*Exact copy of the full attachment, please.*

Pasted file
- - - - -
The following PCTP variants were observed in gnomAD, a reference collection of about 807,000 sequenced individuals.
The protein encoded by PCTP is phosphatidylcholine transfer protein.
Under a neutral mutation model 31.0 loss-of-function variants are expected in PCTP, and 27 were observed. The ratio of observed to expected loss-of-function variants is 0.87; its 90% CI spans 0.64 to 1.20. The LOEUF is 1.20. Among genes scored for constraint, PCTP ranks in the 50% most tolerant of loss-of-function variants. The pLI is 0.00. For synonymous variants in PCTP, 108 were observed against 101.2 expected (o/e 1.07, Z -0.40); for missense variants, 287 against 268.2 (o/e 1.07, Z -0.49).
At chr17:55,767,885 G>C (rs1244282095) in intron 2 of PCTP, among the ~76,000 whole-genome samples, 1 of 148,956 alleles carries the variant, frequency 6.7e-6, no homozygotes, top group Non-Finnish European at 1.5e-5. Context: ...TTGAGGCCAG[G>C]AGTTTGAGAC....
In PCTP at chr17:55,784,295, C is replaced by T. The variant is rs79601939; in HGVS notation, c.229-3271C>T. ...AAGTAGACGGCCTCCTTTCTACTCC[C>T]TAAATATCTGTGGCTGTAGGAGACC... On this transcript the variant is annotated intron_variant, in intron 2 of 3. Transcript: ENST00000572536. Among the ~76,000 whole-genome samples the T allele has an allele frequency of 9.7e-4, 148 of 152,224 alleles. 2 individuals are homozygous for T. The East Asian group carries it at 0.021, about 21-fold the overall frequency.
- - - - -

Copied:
The following PCTP variants were observed in gnomAD, a reference collection of about 807,000 sequenced individuals.
The protein encoded by PCTP is phosphatidylcholine transfer protein.
Under a neutral mutation model 31.0 loss-of-function variants are expected in PCTP, and 27 were observed. The ratio of observed to expected loss-of-function variants is 0.87; its 90% CI spans 0.64 to 1.20. The LOEUF is 1.20. Among genes scored for constraint, PCTP ranks in the 50% most tolerant of loss-of-function variants. The pLI is 0.00. For synonymous variants in PCTP, 108 were observed against 101.2 expected (o/e 1.07, Z -0.40); for missense variants, 287 against 268.2 (o/e 1.07, Z -0.49).
At chr17:55,767,885 G>C (rs1244282095) in intron 2 of PCTP, among the ~76,000 whole-genome samples, 1 of 148,956 alleles carries the variant, frequency 6.7e-6, no homozygotes, top group Non-Finnish European at 1.5e-5. Context: ...TTGAGGCCAG[G>C]AGTTTGAGAC....
In PCTP at chr17:55,784,295, C is replaced by T. The variant is rs79601939; in HGVS notation, c.229-3271C>T. ...AAGTAGACGGCCTCCTTTCTACTCC[C>T]TAAATATCTGTGGCTGTAGGAGACC... On this transcript the variant is annotated intron_variant, in intron 2 of 3. Transcript: ENST00000572536. Among the ~76,000 whole-genome samples the T allele has an allele frequency of 9.7e-4, 148 of 152,224 alleles. 2 individuals are homozygous for T. The East Asian group carries it at 0.021, about 21-fold the overall frequency.